5 Replies
                        1. re: blue room
                          Gio Jan 8, 2013 07:38 AM

                          OK... in Italian it would be "crostino". Plural crostini... same thing as croute...

                          1. re: Gio
                            c
                            ChiliDude Jan 8, 2013 09:52 AM

                            Glad to see that you didn't call the plural as would be in South Philly...crostinis. Plurals in South Philly are raviolis, paninis, cannolis, spaghettis...yada, yada, yada.

                            1. re: ChiliDude
                              c
                              Custardly Jan 8, 2013 07:54 PM

                              Earlier today I caught myself questioning the accuracy of pluralizing cheese. Though cheeses is correct, I was more comfortable writing "those cheese", which now seems incorrect. :-)

                              1. re: Custardly
                                bbqboy Jan 9, 2013 02:40 PM

                                ...or as in "I hate those meeses to pieces"

                          2. re: blue room
                            r
                            rockycat Jan 8, 2013 07:44 AM

                            That sounds like what I mean. Thanks. I knew the Hounds would come up with this one quickly.

                          3. grampart Jan 8, 2013 07:33 AM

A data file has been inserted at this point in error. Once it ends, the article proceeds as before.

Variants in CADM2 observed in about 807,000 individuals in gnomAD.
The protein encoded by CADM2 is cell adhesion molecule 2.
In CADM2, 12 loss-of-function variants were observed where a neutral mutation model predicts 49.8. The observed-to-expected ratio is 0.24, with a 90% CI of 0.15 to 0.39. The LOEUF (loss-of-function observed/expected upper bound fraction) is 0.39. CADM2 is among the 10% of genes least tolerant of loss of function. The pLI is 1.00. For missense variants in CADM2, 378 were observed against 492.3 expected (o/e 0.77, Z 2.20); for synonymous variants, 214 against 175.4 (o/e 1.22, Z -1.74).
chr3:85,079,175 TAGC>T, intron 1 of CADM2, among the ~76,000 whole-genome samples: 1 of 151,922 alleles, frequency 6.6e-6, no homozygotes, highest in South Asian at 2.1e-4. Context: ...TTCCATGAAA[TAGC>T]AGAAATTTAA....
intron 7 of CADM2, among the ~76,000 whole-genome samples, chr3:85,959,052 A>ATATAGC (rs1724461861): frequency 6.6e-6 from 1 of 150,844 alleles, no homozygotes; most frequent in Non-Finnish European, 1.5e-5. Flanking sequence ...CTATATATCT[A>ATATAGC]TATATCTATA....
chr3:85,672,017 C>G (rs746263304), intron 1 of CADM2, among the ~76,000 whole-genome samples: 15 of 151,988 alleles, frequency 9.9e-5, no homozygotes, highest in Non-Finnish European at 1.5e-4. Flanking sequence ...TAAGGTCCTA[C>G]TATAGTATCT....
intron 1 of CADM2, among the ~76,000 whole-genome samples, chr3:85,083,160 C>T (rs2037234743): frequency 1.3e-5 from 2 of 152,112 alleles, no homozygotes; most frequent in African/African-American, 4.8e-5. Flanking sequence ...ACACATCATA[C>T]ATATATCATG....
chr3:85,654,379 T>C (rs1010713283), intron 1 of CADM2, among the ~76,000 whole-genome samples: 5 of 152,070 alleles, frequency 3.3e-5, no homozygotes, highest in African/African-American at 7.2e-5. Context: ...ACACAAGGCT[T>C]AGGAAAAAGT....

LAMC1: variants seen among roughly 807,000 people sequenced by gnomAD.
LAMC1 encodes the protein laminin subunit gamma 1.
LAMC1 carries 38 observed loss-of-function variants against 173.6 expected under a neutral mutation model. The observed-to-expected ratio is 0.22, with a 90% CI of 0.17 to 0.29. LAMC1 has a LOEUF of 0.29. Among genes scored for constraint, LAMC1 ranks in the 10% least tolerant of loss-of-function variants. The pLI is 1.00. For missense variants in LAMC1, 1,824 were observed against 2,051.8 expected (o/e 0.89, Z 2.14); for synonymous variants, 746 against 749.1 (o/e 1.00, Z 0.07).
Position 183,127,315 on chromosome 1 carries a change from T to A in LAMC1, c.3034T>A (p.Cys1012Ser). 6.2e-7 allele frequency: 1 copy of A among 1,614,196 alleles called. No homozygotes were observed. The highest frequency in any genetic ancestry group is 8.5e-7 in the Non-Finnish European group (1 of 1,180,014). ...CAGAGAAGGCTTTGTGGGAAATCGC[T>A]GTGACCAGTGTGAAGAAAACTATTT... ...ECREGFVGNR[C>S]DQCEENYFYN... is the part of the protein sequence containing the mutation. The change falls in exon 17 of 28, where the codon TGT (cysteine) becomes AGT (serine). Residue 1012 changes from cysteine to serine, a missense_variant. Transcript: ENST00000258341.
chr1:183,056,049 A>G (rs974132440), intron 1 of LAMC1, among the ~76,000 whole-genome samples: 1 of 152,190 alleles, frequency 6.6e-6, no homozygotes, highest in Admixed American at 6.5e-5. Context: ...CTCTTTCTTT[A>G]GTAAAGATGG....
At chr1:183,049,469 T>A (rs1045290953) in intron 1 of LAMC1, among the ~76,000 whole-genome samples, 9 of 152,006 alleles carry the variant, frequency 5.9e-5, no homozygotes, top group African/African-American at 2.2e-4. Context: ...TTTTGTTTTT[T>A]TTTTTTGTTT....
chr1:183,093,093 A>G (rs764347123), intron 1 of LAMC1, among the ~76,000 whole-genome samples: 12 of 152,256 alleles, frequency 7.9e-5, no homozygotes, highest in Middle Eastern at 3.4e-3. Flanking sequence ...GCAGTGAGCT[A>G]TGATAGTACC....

I call it "toast".

                            3 Replies
                            1. re: grampart
                              c
                              ChiliDude Jan 8, 2013 09:49 AM

                              Best answer yet!

                              1. re: grampart
                                c
                                Custardly Jan 8, 2013 07:46 PM

                                With your most snooty French accent?

                                1. re: Custardly
                                  alkapal Jan 24, 2013 06:04 AM

                                  "tust"?

                                  LOL

                              2. Gio Jan 8, 2013 07:24 AM

                                Are you thinking or Rusk, Crostini, or Bruschetta? Filet mignon is sometimes served on a crouton...as in "Filet Mignon Rossini".

                                1. pikawicca Jan 8, 2013 07:20 AM

                                  Croute.

                                  2 Replies
                                  1. re: pikawicca
                                    Gio Jan 8, 2013 07:25 AM

                                    Pika, doesn't en croute mean to wrap the meat in a crust? I should say, dough.

                                    1. re: Gio
                                      pikawicca Jan 8, 2013 07:55 AM

                                      "En croute" means what you've said. Simple "croute" is a piece of toasted bread, usually round.